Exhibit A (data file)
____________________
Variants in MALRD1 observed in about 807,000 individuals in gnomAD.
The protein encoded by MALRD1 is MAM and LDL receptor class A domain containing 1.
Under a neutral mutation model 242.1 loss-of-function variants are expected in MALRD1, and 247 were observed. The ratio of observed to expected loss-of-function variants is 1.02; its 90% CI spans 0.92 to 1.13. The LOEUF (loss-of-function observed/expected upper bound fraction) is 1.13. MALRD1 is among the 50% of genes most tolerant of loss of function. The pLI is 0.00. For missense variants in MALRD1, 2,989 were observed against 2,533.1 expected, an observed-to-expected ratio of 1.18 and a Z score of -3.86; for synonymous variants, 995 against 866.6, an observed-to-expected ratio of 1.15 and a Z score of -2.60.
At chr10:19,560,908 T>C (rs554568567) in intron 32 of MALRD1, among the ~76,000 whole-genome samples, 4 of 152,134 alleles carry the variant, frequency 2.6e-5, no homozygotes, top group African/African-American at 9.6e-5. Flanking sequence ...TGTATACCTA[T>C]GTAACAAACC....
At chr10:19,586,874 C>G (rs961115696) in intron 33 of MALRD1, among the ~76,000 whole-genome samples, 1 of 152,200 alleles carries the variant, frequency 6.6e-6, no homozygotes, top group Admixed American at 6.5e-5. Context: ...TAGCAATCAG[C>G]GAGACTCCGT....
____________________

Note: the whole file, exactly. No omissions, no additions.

Variants in MALRD1 observed in about 807,000 individuals in gnomAD.
The protein encoded by MALRD1 is MAM and LDL receptor class A domain containing 1.
Under a neutral mutation model 242.1 loss-of-function variants are expected in MALRD1, and 247 were observed. The ratio of observed to expected loss-of-function variants is 1.02; its 90% CI spans 0.92 to 1.13. The LOEUF (loss-of-function observed/expected upper bound fraction) is 1.13. MALRD1 is among the 50% of genes most tolerant of loss of function. The pLI is 0.00. For missense variants in MALRD1, 2,989 were observed against 2,533.1 expected, an observed-to-expected ratio of 1.18 and a Z score of -3.86; for synonymous variants, 995 against 866.6, an observed-to-expected ratio of 1.15 and a Z score of -2.60.
At chr10:19,560,908 T>C (rs554568567) in intron 32 of MALRD1, among the ~76,000 whole-genome samples, 4 of 152,134 alleles carry the variant, frequency 2.6e-5, no homozygotes, top group African/African-American at 9.6e-5. Flanking sequence ...TGTATACCTA[T>C]GTAACAAACC....
At chr10:19,586,874 C>G (rs961115696) in intron 33 of MALRD1, among the ~76,000 whole-genome samples, 1 of 152,200 alleles carries the variant, frequency 6.6e-6, no homozygotes, top group Admixed American at 6.5e-5. Context: ...TAGCAATCAG[C>G]GAGACTCCGT....